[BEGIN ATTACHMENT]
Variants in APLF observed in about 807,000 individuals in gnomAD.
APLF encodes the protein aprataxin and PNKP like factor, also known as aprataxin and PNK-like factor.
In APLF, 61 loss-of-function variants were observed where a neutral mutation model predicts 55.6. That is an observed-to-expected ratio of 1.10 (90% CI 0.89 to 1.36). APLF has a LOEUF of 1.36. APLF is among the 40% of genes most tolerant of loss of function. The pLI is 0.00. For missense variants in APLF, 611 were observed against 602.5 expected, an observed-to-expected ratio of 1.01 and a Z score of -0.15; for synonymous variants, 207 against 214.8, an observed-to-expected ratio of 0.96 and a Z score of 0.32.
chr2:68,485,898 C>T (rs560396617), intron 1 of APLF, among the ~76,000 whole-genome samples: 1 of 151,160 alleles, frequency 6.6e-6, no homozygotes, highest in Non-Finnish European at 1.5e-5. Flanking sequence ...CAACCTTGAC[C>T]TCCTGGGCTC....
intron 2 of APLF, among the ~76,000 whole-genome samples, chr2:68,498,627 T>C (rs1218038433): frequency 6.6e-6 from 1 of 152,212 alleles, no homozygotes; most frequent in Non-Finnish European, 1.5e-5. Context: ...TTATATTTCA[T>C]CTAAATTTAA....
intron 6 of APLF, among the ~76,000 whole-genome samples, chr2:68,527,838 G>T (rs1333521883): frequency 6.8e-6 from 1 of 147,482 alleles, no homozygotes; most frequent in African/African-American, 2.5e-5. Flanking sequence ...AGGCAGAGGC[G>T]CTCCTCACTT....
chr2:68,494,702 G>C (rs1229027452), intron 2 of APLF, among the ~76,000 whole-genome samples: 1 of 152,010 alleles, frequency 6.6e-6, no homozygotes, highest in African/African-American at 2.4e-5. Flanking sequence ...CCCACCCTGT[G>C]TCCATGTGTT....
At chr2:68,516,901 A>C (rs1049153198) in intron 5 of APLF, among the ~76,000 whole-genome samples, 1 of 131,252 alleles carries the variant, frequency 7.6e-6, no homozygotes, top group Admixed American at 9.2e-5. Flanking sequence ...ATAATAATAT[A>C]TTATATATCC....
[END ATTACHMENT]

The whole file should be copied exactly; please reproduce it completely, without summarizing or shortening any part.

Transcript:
Variants in APLF observed in about 807,000 individuals in gnomAD.
APLF encodes the protein aprataxin and PNKP like factor, also known as aprataxin and PNK-like factor.
In APLF, 61 loss-of-function variants were observed where a neutral mutation model predicts 55.6. That is an observed-to-expected ratio of 1.10 (90% CI 0.89 to 1.36). APLF has a LOEUF of 1.36. APLF is among the 40% of genes most tolerant of loss of function. The pLI is 0.00. For missense variants in APLF, 611 were observed against 602.5 expected, an observed-to-expected ratio of 1.01 and a Z score of -0.15; for synonymous variants, 207 against 214.8, an observed-to-expected ratio of 0.96 and a Z score of 0.32.
chr2:68,485,898 C>T (rs560396617), intron 1 of APLF, among the ~76,000 whole-genome samples: 1 of 151,160 alleles, frequency 6.6e-6, no homozygotes, highest in Non-Finnish European at 1.5e-5. Flanking sequence ...CAACCTTGAC[C>T]TCCTGGGCTC....
intron 2 of APLF, among the ~76,000 whole-genome samples, chr2:68,498,627 T>C (rs1218038433): frequency 6.6e-6 from 1 of 152,212 alleles, no homozygotes; most frequent in Non-Finnish European, 1.5e-5. Context: ...TTATATTTCA[T>C]CTAAATTTAA....
intron 6 of APLF, among the ~76,000 whole-genome samples, chr2:68,527,838 G>T (rs1333521883): frequency 6.8e-6 from 1 of 147,482 alleles, no homozygotes; most frequent in African/African-American, 2.5e-5. Flanking sequence ...AGGCAGAGGC[G>T]CTCCTCACTT....
chr2:68,494,702 G>C (rs1229027452), intron 2 of APLF, among the ~76,000 whole-genome samples: 1 of 152,010 alleles, frequency 6.6e-6, no homozygotes, highest in African/African-American at 2.4e-5. Flanking sequence ...CCCACCCTGT[G>C]TCCATGTGTT....
At chr2:68,516,901 A>C (rs1049153198) in intron 5 of APLF, among the ~76,000 whole-genome samples, 1 of 131,252 alleles carries the variant, frequency 7.6e-6, no homozygotes, top group Admixed American at 9.2e-5. Flanking sequence ...ATAATAATAT[A>C]TTATATATCC....